struct GlobalConfig {
  ...
  struct OperationConfig *first;
  struct OperationConfig *current;
  struct OperationConfig *last; /* Always last in the struct */
}

So it looks like it stores three different OperationConfig objects under the names first, current and last. Why is this the case? When I saw that the OperationConfig object was referenced using the config->first statement, I figured that it might be some linked-list type structure. This suspicion was confirmed when I re-read the definition of the OperationConfig struct. Specifically, the last lines of the struct definition.

struct GlobalConfig {
  struct OperationConfig *prev;
  struct OperationConfig *next; /* Always last in the struct */
}

This makes sense now. The OperationConfig objects are structured in a linked-list structure. Given a GlobalConfig called config, you could find the second OperationConfig object in memory by calling config->first->next and the third by calling config->first->next->next and so on. Since this is a doubly linked list, you can find the second-to-last-item by calling config->last->prev. Cool! So now I know what this code is doing, but why does it exist? Why would you need to maintain a list of the configuration details for each operation? To be honest, I was a little bit lost on what the best approach for answering this question would be. I think exploring how the GlobalConfig and OperationConfig structs are used throughout the code base would be a waste of time and might end up leading me on tangents. I don’t wanna replay what went down with the Git code base read (yikes). I wondered if I should look through the commit logs of the code base to track down why the configuration might be structured this way. I found this commit which references that multiple operations might be executed with curl. An operation is something like a single HTTP request. With curl, you can send multiple requests out at once using a single command. The doubly-linked list structure is used to separate out the configuration options for each operation.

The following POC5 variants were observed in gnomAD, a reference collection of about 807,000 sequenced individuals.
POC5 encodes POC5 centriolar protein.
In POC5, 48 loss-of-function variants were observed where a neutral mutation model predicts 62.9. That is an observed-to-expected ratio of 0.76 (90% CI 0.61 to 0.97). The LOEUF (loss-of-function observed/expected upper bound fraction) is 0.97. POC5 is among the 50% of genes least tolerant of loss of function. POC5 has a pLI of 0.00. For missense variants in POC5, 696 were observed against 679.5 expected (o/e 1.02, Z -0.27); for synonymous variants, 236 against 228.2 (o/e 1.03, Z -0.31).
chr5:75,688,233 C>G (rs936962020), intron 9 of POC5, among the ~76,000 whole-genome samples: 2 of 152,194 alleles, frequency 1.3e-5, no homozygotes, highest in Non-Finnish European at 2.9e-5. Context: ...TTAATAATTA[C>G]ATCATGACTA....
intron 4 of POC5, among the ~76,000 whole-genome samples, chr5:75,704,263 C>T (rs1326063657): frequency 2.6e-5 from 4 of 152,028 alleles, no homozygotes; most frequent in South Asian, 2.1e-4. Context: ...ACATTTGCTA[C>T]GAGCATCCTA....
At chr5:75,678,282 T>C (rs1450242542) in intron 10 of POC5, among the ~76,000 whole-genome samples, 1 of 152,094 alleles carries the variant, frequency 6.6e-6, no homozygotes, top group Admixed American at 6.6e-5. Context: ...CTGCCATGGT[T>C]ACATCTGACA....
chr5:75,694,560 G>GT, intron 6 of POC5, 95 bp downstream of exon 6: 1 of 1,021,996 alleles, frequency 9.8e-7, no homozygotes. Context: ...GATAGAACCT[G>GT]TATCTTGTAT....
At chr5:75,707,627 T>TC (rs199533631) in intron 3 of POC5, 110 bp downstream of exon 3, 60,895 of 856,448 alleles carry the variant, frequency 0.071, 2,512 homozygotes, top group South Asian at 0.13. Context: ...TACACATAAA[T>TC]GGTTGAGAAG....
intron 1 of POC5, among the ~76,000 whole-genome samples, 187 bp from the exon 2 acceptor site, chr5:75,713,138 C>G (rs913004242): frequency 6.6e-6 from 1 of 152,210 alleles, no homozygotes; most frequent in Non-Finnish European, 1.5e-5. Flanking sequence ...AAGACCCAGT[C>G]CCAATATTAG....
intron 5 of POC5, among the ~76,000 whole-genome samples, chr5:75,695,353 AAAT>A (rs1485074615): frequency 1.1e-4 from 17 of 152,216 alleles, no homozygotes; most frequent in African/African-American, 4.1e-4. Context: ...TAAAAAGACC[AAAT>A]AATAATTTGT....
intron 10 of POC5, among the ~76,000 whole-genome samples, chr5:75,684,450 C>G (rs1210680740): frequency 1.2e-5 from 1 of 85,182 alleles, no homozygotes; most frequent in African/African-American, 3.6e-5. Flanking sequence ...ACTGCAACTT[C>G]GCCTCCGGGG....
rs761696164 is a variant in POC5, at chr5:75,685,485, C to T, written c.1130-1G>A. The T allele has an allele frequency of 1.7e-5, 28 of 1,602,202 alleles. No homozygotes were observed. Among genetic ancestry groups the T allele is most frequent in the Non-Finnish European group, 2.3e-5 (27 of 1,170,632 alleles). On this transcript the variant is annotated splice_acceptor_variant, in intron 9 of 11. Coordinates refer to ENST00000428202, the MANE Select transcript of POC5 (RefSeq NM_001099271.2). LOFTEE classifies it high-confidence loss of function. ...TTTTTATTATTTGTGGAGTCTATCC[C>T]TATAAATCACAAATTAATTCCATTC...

So this was a good way to answer the second question that I outlined above. The configuration for curl is operation-dependent and stored in a doubly-linked list. In the next blog post, I’ll try to answer question number one by looking at the next couple of lines of code.

        /* Perform each operation */
        while(!result && config->current) {
          result = operate_do(config, config->current);

          config->current = config->current->next;

          if(config->current && config->current->easy)
            curl_easy_reset(config->current->easy);
        }

See you next time!

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captainsafia profile

Safia Abdalla

@captainsafia

I make open source at @nteractio, make software at @Microsoft, and write books and blogs. Dream big and follow through even bigger.